How Much Money Should You Be Spending On Clothes?

shopping for clothes

Shoppers browse the racks at an H&M in New York City | Drew Angerer/Getty Images

You’re longing for the new “it” bag or that pair of cute boots, but can you afford it? When it comes to knowing how much money is too much to spend on clothes, many people don’t have a clue.

The typical American household spent about $1,900 on apparel and related services (such as dry cleaning and shoe repair) in 2015, according to data from the Bureau of Labor Statistics, or roughly $158 per month. With an average pre-tax income of $69,629, that means people are spending about 2.7% of their total earnings on clothes.

According to experts, we’re actually pretty conservative with our fashion budgets. “You should spend 3% to 5% of your income on clothing,” Jae Scott, a luxury stylist and image consultant, said. “However, us fashionistas spend a little more, say 7%.”

Someone who takes home $4,000 a month and devotes 5% of her income to fashion would have about $200 a month to spend, or $2,400 per year. If she pushes her budget to 7%, she’d have $280, though she’d also want to trim discretionary spending on things like entertainment and dining out to make up the difference.

The 5% guideline is a good rule of thumb, but it’s not hard and fast. If you’re deep in debt or behind in your savings, you should restrict your clothing spending to necessities and skip the splurges. If you don’t spend much on extras like travel and dining out, you might be able to afford a few more pairs of designer shoes.

woman carrying chanel shopping bag

A woman carrying a Chanel shopping bag | Ker Robertson/Getty Images

To manage your spending, Scott suggests having separate accounts. Funnel money for rent, bills, savings, and charity into dedicated accounts, so you know your financial bases are covered. Then you can divvy up whatever is left over. Some might go into a “play” account for fun, spur-of-the-moment buys, while another portion is set aside for big-ticket “nice-to-have purchases like your Chanel bag or Chloe boots,” she said.

Careful budgeting is key to keeping your clothing budget under control, especially if you’re a fashion maven who’s always on the hunt for the next hot item or great bargain. A closet full of unworn clothes with the tags still on is a sure sign you’re spending too much money. So is using a credit card to cover your shopping sprees, unless you’re able to pay if off right away.

How can you balance the desire to look good with the need to stick to a budget? Zero in on a style that works for you and you’re less likely to get distracted by of-the-moment trends. Then, focus on building a wardrobe you actually wear. You’ll also feel more confident buying higher quality but more expensive items that will last for years.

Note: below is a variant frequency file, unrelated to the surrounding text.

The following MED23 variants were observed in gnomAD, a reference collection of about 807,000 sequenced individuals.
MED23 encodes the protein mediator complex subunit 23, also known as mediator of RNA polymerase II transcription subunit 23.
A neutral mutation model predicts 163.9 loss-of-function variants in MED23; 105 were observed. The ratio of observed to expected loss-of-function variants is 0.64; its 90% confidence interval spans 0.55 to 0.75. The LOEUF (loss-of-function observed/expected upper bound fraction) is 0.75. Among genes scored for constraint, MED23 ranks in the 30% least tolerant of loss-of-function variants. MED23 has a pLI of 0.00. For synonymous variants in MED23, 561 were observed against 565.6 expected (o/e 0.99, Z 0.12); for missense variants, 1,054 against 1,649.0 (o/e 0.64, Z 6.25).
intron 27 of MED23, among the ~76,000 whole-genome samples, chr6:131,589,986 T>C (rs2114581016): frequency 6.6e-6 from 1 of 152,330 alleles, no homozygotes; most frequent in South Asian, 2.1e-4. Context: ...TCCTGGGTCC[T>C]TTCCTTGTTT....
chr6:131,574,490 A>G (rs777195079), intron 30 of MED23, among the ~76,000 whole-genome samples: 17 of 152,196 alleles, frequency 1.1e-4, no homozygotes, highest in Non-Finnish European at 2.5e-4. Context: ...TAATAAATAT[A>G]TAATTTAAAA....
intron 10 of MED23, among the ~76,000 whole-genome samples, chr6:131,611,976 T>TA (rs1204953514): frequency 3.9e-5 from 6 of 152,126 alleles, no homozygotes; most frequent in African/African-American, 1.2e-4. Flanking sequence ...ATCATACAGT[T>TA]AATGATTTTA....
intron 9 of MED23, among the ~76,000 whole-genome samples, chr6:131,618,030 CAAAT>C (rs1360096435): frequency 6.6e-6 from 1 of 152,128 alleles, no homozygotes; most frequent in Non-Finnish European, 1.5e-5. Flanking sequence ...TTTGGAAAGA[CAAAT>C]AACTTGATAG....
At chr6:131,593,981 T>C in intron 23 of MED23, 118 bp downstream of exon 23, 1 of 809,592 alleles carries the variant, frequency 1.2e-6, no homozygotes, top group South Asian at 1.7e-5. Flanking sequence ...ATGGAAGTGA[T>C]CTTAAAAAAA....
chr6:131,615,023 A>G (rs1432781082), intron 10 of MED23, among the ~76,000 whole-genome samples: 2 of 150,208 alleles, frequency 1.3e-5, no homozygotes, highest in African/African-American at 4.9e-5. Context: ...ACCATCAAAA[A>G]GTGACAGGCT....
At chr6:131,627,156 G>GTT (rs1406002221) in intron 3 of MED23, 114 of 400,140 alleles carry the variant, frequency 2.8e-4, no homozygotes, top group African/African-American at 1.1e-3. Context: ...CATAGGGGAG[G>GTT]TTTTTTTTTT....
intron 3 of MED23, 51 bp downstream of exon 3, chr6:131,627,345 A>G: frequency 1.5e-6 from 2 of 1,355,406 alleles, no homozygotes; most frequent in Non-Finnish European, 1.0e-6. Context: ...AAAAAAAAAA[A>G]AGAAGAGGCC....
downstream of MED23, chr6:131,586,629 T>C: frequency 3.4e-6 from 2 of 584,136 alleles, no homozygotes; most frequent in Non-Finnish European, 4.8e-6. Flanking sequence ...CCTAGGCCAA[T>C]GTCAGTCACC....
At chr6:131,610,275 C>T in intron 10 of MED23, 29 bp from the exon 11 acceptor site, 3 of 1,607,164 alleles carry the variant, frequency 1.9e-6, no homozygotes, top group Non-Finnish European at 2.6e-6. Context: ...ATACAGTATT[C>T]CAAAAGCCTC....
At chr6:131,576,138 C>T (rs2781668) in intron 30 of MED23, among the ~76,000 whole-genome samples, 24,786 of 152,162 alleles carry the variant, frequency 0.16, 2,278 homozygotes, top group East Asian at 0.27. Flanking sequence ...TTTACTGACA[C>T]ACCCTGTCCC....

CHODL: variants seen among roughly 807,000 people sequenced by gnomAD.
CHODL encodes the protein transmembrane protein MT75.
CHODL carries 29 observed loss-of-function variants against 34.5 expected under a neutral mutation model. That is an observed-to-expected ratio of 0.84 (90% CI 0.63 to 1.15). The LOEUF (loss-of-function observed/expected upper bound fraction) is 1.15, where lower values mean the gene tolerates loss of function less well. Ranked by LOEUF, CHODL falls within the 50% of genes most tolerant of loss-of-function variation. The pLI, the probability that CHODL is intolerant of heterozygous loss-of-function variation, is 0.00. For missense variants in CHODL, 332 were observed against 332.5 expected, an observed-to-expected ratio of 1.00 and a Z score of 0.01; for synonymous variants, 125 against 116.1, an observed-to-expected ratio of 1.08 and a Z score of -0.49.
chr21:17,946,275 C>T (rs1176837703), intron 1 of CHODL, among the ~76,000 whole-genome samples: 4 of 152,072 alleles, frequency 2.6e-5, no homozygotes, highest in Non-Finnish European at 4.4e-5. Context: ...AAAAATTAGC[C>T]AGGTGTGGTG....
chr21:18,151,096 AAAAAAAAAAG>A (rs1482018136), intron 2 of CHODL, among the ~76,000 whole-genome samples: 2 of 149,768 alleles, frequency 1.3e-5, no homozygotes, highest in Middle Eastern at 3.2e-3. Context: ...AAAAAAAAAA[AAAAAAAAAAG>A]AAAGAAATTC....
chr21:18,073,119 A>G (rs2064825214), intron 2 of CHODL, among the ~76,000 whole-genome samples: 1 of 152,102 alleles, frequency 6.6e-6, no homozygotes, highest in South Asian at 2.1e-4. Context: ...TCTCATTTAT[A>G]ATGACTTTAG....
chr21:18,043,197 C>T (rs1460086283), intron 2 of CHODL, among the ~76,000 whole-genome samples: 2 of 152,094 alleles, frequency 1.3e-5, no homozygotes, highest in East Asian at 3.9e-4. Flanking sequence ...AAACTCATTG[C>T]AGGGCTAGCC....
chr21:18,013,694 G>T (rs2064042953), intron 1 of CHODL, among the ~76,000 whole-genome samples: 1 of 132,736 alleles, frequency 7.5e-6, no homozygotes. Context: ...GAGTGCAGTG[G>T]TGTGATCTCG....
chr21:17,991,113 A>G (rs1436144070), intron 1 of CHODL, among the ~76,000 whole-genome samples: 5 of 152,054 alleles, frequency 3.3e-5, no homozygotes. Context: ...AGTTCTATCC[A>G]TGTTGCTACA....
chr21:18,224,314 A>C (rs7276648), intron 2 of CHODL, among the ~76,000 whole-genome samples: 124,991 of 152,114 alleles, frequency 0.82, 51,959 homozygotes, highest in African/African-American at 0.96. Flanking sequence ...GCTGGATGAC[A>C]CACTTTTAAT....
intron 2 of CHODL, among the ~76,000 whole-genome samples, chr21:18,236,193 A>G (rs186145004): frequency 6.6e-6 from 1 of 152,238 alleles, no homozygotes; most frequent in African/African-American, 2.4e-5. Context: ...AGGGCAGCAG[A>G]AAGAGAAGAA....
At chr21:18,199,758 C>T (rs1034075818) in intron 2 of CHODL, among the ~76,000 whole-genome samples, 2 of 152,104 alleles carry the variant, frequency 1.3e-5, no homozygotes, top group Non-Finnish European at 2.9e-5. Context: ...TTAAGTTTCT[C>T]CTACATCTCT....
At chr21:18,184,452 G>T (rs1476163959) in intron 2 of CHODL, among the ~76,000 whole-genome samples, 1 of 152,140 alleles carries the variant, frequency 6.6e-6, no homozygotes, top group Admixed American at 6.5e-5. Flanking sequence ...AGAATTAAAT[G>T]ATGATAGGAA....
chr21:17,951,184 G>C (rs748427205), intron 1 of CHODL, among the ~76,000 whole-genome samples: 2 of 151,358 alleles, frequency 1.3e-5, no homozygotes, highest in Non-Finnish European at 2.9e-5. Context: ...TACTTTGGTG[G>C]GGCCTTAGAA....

“Defining your style will guide the pieces you buy. Because otherwise you’re just shopping blindly and wasting cash in the process,” Patrice J. Williams of Looking Fly on a Dime wrote.

Clearing your closet of “What was I thinking?” items has another benefit – it can bring in some extra cash. Sites and apps like Tradesy, ThredUp, and Poshmark let you list your unwanted clothing for sale, so you can clear out pieces that don’t work for you and replenish your clothing budget in the process. At the same time, you can find great deals on other people’s castoffs.

30% off sign

A sign advertising a sale at a clothing store | Spencer Platt/Getty Images

Fashion addicts can also sign up for Glamhive, where you can share your favorite looks and shop the styles of other users. When you make a purchase or share one of your own photos, you’ll earn points that can be redeemed for gift cards at stores like J. Crew, Nordstom, Target, and Zara.

Using sites like Glamhive to browse other people’s looks can also help you “find new ways to style clothes you already have,” Stephanie Sprangers, Glamhive’s CEO, said. “Sometimes your new look is already in your closet or just needs one key addition to keep you on trend.” Shopping your closet in this fashion is a tried-and-true way to refresh your look without breaking the bank.

Once you’ve settled on your own personal style, you can narrow your shopping focus and concentrate on finding bargains. If you prefer to shop at certain stores and know your size, you can jump on online deals and be fairly confident the items will work for you, Paul Moyer, who writes the Saving Freak blog, said. Combine sales with additional coupon codes and cash back from sites like eBates and you can get “as much as 90% off once you stack all the savings and cash back on top of each other,” he added.

Proof, perhaps, that you don’t need to spend a million bucks to look like a million bucks.

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